The Power of Nature in Postindustrial America

Abandoned portion of Grand Trunk Railroad in Detroit, Michigan
Abandoned portion of Grand
Trunk Railroad in Detroit, Michigan

J. Malcolm Mossman

Cities located in America’s “rust belt” have the opportunity to re-purpose vast sections of vacant land into new green spaces, becoming some of the first cities in the United States to re-imagine the role of nature in the city. Recent studies suggest that postindustrial cities can solve many of their social, economic and environmental issues by encouraging the growth and development of green spaces within their communities. Concurrently, green urbanism has emerged as the premiere theory on creating and designing communities around the environment and its services. By looking into the concepts behind green urbanism, this research paper provides insight into the options postindustrial cities have concerning the creation of new green spaces.

Detroit residents review plans for community garden
Detroit residents review plans for
community garden

Postindustrial cities such as Cleveland, Detroit, Flint, Gary, South Bend and Toledo have been ravaged by infrastructure, population, and financial loss. Due to the wide availability of vacant land, community-centered greening efforts are already taking place in cities like Detroit and Cleveland. By implementing many of the concepts behind green urban design, organizations such as LAND Studio, Re-Imagining Cleveland, and The Greening of Detroit are helping solve many of the economic, social and environmental issues present in postindustrial neighborhoods. Furthermore, other rust belt cities dealing with similar issues now have the opportunity to be some of the first urban areas to reap the benefits of green urban design and become new centers of social, economic, and ecological strength.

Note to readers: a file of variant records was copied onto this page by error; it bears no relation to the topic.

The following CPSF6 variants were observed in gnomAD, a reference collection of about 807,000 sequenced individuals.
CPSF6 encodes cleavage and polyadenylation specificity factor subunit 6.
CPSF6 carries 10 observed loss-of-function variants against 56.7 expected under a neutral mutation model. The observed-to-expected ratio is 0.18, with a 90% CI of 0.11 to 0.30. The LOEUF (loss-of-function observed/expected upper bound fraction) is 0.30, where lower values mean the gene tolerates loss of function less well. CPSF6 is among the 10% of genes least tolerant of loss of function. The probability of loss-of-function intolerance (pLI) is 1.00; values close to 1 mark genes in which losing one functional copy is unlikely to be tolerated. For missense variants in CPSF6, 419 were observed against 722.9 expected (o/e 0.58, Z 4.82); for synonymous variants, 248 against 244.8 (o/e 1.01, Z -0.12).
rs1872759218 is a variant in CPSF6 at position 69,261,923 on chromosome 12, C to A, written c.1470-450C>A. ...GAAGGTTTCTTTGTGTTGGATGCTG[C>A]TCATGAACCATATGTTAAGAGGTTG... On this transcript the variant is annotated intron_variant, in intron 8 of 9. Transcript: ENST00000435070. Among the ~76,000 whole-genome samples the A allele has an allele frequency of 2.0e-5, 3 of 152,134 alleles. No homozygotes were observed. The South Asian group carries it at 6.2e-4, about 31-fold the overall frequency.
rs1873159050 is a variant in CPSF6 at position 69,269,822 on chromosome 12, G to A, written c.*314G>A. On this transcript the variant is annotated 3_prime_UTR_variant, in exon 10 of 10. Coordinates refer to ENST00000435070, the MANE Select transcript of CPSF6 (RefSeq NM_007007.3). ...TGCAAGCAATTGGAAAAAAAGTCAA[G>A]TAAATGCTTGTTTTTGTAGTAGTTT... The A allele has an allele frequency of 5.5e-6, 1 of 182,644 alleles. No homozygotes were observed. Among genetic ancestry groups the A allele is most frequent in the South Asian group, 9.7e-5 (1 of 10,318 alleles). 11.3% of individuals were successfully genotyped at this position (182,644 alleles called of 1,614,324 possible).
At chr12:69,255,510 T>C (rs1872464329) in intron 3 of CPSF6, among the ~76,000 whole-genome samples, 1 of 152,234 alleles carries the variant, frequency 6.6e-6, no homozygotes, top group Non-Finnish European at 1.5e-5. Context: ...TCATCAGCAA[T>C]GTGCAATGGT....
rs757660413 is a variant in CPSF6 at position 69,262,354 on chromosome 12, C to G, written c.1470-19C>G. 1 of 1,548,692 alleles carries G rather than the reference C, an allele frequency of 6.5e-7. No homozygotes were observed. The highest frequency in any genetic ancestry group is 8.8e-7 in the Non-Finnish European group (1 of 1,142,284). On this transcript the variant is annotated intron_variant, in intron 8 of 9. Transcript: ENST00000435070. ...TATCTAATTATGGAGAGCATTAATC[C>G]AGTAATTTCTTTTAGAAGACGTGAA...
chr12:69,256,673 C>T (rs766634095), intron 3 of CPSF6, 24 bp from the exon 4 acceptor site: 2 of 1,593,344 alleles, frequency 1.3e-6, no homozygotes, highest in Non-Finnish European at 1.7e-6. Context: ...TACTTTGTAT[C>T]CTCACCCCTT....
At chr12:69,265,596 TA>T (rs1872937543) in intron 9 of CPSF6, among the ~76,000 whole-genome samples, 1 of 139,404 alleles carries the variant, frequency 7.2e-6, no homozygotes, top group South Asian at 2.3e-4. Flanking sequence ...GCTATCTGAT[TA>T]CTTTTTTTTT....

A Detroit-area rain garden near Globe Trading Center and Milliken State Park
A Detroit-area rain garden near Globe
Trading Center and Milliken State Park

Examples of new green urban design in postindustrial cities include:

  • Side-yard expansion
  • Community Gardens
  • Rain gardens
  • Pocket parks
  • Railway re-use (bike trails, greenways)
  • Urban vineyards
  • Urban re-forestry
  • Public access to cleaner waterfronts
  • Market gardens

Newly refurbished Grand Trunk Railroad corridor and greenway near downtown Detroit
Newly refurbished Grand Trunk Railroad
corridor & greenway near downtown Detroit

Researchers and scholars – such as Richard Louv – have pointed out recent trends suggesting that Americans are suffering from “nature-deficit disorder.” Nature deficit disorder is the term given to Americans’ lack of contact with the outdoors. Today, children and adults spend their time indoors more than ever before. Meanwhile, recent studies have discovered a seemingly endless amount of benefits associated with access to nature, including but not limited to:

  • Reduction in stress and depression
  • Improvements in creativity and intellectual development among children
  • Faster post-operative recovery times
  • Decrease in local obesity levels
  • Water, air and soil pollution mitigation
  • Storm-water management and flood reduction
  • Increase in nearby property values
  • Reductions in neighborhood theft and assault, promoting overall social well-being

Vineyards of Chateau Hough in Cleveland, Ohio
Chateau Hough vineyards in Cleveland

As we become more disconnected from nature, we lose out on all of the benefits it can provide. With healthcare costs in the rise, environmental issues at the forefront of the public’s mind, and a growing number of people suffering from anxiety-related disorders, access to nature in urban areas should no longer be considered a luxury but rather a necessary amenity.